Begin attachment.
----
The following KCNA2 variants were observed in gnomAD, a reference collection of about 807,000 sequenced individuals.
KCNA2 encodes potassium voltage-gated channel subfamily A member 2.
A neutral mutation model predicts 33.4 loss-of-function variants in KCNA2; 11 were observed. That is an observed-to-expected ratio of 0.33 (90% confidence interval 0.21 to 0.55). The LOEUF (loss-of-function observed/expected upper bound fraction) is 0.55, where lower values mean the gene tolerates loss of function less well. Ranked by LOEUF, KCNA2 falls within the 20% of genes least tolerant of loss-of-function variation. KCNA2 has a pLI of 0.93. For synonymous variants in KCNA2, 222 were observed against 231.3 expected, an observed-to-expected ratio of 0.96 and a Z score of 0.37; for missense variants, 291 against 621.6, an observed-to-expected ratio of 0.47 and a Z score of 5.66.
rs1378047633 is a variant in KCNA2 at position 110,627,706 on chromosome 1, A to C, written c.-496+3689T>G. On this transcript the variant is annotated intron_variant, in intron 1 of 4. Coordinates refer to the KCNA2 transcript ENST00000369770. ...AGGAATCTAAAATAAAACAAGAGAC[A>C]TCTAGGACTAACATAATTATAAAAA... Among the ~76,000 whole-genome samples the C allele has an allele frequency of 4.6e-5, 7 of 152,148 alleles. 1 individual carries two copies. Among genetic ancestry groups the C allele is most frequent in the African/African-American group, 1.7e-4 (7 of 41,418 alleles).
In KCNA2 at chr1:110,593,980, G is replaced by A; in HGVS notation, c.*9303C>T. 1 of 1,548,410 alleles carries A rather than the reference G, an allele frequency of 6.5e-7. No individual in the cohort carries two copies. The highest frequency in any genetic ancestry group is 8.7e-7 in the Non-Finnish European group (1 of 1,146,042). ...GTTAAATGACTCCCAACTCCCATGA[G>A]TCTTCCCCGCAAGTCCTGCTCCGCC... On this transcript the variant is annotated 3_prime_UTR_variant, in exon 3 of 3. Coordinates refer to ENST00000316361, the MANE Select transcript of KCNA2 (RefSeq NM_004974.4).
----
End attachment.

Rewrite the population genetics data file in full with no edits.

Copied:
The following KCNA2 variants were observed in gnomAD, a reference collection of about 807,000 sequenced individuals.
KCNA2 encodes potassium voltage-gated channel subfamily A member 2.
A neutral mutation model predicts 33.4 loss-of-function variants in KCNA2; 11 were observed. That is an observed-to-expected ratio of 0.33 (90% confidence interval 0.21 to 0.55). The LOEUF (loss-of-function observed/expected upper bound fraction) is 0.55, where lower values mean the gene tolerates loss of function less well. Ranked by LOEUF, KCNA2 falls within the 20% of genes least tolerant of loss-of-function variation. KCNA2 has a pLI of 0.93. For synonymous variants in KCNA2, 222 were observed against 231.3 expected, an observed-to-expected ratio of 0.96 and a Z score of 0.37; for missense variants, 291 against 621.6, an observed-to-expected ratio of 0.47 and a Z score of 5.66.
rs1378047633 is a variant in KCNA2 at position 110,627,706 on chromosome 1, A to C, written c.-496+3689T>G. On this transcript the variant is annotated intron_variant, in intron 1 of 4. Coordinates refer to the KCNA2 transcript ENST00000369770. ...AGGAATCTAAAATAAAACAAGAGAC[A>C]TCTAGGACTAACATAATTATAAAAA... Among the ~76,000 whole-genome samples the C allele has an allele frequency of 4.6e-5, 7 of 152,148 alleles. 1 individual carries two copies. Among genetic ancestry groups the C allele is most frequent in the African/African-American group, 1.7e-4 (7 of 41,418 alleles).
In KCNA2 at chr1:110,593,980, G is replaced by A; in HGVS notation, c.*9303C>T. 1 of 1,548,410 alleles carries A rather than the reference G, an allele frequency of 6.5e-7. No individual in the cohort carries two copies. The highest frequency in any genetic ancestry group is 8.7e-7 in the Non-Finnish European group (1 of 1,146,042). ...GTTAAATGACTCCCAACTCCCATGA[G>A]TCTTCCCCGCAAGTCCTGCTCCGCC... On this transcript the variant is annotated 3_prime_UTR_variant, in exon 3 of 3. Coordinates refer to ENST00000316361, the MANE Select transcript of KCNA2 (RefSeq NM_004974.4).